Specifically, primary squamous cell breast cancer tends to present with a larger average tumour size of 5–10 cm compared to metaplastic squamous cell breast cancer of 2–5 cm (5). Cystic changes were also more common in primary squamous cell breast cancer (3,4). The extent of squamous differentiation is a determinant of disease free survival (DFS) with better prognosis for metaplastic carcinoma showing <40% squamous elements and worse for those with >90% squamous component (3,5). DFS and overall survival (OS) for metaplastic squamous cell breast cancer and primary squamous cell breast cancer were 64% versus 39.8% and 72.7% versus 66.7%, respectively (5).
There is little data on the optimal treatment regimen for metaplastic squamous cell breast cancer, and its management remains similar to that for IDCs (2). While review of the various treatment modalities has been reported for metaplastic squamous cell breast cancer, sparse reports have focused on surgical modality alone. We reviewed the available literature on surgical management in this rare group of patients and found that the majority of patients were treated with mastectomy and breast conservation was seldom used (3,13). There could be several contributing factors on why mastectomy was the reported surgery of choice in this group of patients, of which the rapid progression of the cancer, as objectively demonstrated in our case, and its poor response to neo-adjuvant conventional chemotherapy (3) could be important contributing factors. This hence highlights the importance of early treatment in this subtype of patients.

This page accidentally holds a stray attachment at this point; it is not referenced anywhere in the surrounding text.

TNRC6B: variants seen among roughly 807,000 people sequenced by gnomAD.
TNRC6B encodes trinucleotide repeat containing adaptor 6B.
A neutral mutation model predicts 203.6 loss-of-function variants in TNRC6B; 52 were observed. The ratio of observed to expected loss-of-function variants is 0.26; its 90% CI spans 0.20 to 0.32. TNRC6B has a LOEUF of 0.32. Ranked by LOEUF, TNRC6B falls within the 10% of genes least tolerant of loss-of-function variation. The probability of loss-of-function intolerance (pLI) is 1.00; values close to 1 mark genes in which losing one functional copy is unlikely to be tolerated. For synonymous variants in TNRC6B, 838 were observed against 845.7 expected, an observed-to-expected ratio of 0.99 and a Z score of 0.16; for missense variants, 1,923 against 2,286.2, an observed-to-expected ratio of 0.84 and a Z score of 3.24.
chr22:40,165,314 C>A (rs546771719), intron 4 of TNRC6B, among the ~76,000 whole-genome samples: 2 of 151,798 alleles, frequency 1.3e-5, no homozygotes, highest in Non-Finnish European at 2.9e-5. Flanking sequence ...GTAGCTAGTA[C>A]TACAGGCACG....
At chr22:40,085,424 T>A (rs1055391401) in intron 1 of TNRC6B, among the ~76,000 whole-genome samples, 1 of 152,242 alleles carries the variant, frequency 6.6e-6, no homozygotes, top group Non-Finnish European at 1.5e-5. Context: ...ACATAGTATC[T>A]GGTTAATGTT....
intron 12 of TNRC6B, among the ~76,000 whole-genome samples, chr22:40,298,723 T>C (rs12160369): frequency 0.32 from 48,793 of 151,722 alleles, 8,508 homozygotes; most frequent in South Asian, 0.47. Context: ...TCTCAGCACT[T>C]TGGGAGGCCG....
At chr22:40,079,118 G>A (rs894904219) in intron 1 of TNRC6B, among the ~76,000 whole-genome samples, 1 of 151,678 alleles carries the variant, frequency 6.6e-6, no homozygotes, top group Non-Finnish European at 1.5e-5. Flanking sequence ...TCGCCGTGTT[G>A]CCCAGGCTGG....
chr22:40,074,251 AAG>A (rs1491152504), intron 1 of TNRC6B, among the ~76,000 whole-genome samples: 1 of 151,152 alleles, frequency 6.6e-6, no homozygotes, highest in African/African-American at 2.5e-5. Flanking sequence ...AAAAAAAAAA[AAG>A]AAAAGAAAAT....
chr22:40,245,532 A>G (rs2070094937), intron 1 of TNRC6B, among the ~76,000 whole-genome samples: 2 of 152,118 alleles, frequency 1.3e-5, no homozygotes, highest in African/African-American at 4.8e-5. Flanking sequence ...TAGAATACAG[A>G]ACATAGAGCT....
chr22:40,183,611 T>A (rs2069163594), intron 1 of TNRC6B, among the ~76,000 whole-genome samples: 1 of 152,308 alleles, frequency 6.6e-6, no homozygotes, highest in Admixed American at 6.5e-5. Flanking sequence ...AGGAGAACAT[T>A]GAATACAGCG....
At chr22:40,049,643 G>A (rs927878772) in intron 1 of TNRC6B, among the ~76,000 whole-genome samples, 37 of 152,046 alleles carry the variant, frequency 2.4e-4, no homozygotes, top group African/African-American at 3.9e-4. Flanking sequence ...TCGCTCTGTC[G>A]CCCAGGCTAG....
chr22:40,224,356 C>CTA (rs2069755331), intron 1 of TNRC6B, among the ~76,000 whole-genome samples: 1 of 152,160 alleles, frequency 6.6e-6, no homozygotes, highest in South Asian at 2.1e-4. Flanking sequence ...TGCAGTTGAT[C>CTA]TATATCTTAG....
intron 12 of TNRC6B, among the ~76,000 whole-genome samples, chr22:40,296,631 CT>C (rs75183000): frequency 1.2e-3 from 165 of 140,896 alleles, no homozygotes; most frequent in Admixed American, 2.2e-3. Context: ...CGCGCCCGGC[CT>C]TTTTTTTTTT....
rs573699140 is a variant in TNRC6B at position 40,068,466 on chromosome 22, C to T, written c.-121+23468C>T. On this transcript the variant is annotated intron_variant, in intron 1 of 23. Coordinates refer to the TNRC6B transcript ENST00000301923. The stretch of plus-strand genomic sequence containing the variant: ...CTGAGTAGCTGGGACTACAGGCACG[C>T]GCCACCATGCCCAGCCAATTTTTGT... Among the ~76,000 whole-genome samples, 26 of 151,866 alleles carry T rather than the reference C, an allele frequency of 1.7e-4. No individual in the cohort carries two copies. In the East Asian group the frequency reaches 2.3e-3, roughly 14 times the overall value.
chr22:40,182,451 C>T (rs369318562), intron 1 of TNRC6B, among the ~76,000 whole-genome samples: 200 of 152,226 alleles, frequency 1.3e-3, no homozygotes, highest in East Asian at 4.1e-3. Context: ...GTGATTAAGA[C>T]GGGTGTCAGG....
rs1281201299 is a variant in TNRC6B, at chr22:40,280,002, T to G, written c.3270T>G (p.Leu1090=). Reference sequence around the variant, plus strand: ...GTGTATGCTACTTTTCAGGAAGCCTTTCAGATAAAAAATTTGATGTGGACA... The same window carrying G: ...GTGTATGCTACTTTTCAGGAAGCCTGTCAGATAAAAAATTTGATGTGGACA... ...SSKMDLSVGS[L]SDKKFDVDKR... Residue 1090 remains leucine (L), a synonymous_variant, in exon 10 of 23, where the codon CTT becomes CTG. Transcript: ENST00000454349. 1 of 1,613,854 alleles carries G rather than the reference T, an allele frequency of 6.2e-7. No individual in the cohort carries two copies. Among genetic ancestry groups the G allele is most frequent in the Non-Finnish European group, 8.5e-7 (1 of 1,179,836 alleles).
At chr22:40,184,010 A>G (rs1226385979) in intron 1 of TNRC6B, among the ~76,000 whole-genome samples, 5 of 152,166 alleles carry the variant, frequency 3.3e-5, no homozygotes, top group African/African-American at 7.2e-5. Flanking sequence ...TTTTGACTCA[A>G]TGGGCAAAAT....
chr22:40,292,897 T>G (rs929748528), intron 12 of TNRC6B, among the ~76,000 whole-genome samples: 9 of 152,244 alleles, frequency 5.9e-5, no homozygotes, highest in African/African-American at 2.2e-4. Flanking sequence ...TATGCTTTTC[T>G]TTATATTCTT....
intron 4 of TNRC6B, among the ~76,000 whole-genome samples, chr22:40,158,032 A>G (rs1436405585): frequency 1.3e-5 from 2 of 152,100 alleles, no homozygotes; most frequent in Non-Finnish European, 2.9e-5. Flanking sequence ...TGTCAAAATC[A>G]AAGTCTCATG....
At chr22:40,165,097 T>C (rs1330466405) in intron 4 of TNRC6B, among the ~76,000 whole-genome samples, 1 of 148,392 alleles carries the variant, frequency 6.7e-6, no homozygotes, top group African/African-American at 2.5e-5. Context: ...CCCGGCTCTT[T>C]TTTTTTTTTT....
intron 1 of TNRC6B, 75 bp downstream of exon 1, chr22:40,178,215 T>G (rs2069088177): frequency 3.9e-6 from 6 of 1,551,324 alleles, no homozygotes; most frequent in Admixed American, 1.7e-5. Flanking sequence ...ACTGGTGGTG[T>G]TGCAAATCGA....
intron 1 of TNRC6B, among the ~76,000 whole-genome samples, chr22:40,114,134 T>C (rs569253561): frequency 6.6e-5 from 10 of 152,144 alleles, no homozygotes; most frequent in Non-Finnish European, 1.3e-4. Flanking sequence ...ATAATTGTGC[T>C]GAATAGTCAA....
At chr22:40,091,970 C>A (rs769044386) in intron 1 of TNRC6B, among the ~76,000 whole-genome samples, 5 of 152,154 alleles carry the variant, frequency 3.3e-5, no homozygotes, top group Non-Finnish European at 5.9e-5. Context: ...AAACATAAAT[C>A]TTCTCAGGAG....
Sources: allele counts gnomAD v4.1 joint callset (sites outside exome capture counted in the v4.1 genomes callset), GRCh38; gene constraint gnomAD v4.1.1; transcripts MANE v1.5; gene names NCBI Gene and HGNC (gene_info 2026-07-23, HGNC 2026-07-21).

In conclusion, this case offered the first objective perception of the natural rapid progression of metaplastic squamous cell breast cancer if treatment was delayed and highlighted the importance of early treatment which could lead to the potential avoidance of mastectomy.
Conflicts of Interest: The authors have no conflicts of interest to declare.
Informed Consent: Written informed consent was obtained from the patient for publication of this case report and any accompanying images. A copy of the written consent is available for review by the Editor-in-Chief of this journal.